Saturday, November 6, 2010

Cancer Screening with Jellyfish Techniques


The earlier a cancer is detected, the greater the chances for recovery. Unfortunately, detection of cancer is not easy because the disease is often asymptomatic until it reaches an advanced stage. Luckily, scientists managed to conduct screening technique to study the jellyfish.

As is known, the jellyfish could glow in the dark waters thanks to a particular protein in these marine animals. Well, cell protein that is able to remove this light and try to learn and used to mark the tumor inside the human body.

Cancer cells in the human body quite difficult to detect at an early stage. In fact, X-ray technology difficult to penetrate deep into tissues, especially bone, so the diagnosis of bone cancer that are microscopic rather impossible.

Scientists from the British study the protein in jellyfish that can glow. "What we do is to enter cells jellyfish protein into human cancer cells," said Professor Norman Maitland.

With a special camera, the protein seemed to glow when interacting with normal cells so it can be found in tumor cells where hiding. This method was developed from research conducted by U.S. scientist Roger Tsien, who won the Nobel Prize because it managed to purify the protein that makes jellyfish glow.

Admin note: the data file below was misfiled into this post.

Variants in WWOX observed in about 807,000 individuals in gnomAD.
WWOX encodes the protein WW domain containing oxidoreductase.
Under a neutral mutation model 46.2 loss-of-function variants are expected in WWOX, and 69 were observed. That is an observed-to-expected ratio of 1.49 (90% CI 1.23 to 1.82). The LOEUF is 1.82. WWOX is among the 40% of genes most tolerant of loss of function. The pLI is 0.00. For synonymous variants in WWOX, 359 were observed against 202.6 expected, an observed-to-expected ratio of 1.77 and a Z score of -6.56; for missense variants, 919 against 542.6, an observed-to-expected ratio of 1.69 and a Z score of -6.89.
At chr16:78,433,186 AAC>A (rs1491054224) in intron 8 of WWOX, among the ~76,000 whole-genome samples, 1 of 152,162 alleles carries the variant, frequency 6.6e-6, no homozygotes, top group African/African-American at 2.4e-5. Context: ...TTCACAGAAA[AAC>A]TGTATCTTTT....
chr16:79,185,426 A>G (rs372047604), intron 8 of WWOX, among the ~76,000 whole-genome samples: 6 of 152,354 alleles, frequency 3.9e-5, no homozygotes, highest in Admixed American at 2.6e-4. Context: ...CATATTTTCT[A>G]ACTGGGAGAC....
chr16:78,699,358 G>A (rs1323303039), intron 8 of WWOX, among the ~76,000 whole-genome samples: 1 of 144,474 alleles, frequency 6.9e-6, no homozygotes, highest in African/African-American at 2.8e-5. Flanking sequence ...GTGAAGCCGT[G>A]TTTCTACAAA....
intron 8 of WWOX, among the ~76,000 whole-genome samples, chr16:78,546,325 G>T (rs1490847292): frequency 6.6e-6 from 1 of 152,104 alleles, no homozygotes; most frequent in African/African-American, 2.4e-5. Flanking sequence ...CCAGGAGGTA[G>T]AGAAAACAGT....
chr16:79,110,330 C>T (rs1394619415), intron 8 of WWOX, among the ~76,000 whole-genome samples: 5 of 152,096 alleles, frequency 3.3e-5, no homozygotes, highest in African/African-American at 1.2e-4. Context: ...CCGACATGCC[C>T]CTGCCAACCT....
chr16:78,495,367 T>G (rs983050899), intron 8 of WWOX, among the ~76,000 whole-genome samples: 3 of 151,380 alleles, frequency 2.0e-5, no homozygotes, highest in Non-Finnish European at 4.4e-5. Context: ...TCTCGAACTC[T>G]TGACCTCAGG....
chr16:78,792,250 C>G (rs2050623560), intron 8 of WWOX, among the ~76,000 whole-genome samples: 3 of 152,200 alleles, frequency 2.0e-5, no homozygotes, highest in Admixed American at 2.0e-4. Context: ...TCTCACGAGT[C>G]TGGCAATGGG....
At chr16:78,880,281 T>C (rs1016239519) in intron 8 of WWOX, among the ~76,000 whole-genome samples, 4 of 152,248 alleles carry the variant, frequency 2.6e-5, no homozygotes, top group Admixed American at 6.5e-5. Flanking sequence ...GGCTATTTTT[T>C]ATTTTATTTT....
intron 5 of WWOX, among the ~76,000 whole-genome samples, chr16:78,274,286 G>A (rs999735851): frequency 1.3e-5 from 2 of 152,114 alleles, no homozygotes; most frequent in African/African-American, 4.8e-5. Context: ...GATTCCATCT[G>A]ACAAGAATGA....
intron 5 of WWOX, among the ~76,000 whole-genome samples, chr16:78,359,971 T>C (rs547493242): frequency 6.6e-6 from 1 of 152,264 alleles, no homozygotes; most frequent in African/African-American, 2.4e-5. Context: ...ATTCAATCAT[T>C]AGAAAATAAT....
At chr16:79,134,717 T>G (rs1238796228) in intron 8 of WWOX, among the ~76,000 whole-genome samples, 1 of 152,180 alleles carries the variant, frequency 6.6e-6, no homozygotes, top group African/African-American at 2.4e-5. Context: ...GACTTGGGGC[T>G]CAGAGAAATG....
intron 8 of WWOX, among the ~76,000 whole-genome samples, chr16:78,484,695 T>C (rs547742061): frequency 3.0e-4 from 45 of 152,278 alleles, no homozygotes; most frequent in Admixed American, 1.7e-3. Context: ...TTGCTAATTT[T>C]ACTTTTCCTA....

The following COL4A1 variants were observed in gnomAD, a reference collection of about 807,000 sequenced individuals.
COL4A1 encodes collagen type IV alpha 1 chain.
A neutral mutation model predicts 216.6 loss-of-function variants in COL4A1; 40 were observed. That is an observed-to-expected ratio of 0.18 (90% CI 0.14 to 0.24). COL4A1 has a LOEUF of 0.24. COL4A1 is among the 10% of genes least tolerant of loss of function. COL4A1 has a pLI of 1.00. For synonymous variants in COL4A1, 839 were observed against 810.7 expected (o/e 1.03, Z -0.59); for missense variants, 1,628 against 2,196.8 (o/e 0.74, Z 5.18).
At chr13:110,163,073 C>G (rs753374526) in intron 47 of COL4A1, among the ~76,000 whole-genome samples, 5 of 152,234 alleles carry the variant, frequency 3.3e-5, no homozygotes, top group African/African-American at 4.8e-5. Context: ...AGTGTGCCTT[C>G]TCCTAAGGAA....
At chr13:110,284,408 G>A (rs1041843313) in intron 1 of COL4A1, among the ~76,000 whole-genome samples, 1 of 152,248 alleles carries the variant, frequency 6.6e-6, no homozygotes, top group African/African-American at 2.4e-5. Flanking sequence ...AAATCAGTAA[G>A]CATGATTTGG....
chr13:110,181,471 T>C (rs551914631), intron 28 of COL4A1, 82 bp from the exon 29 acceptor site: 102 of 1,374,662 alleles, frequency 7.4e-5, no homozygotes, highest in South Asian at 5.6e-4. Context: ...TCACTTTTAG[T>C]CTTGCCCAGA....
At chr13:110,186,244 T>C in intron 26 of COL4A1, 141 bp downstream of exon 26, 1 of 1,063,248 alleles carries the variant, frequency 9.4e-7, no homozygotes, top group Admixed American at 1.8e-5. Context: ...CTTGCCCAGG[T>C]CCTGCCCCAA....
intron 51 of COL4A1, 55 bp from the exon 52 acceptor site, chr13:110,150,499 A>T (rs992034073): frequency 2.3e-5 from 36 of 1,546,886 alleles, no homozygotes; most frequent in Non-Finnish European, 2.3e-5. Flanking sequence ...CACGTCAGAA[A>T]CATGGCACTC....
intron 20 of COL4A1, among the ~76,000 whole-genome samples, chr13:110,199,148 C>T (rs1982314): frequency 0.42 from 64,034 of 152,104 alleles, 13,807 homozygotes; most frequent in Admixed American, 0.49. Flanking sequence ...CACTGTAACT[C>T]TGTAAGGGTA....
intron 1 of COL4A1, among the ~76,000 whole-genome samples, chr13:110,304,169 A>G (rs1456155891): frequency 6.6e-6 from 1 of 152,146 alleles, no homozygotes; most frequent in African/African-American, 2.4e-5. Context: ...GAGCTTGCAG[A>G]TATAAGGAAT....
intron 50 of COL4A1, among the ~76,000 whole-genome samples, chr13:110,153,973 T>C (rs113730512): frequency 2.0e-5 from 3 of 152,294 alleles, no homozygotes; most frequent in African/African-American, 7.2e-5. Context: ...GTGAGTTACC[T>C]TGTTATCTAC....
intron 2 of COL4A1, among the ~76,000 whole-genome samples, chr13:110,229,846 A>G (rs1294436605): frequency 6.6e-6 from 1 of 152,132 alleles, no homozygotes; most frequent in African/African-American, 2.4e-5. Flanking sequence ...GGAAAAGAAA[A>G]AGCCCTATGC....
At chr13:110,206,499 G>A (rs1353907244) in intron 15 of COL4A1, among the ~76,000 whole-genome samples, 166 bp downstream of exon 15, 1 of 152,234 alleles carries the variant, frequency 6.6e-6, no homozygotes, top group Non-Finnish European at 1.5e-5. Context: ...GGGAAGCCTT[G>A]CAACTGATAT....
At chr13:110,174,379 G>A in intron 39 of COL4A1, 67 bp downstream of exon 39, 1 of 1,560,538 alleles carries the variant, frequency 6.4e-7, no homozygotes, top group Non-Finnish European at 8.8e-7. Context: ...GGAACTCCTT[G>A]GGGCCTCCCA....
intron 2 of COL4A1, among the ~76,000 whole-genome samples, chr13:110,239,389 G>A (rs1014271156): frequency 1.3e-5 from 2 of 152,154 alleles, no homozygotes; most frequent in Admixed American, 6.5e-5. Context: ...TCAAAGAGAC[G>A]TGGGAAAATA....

Research conducted Maitland is to use a virus that is harmless and is set only to bring proteins into the tumor. Once the virus is multiplying, the protein will be more and more colored. "Once the camera is turned on, the protein will expand so that we see the location of the cancer cells. We call this method Virimaging," he explained.

He added that it has the ability Virimaging 10 times better than CT scans in detecting tumors. However, this screening technique research is still in its early stages so can not be applied to the patient. Let's wait another 5 years.

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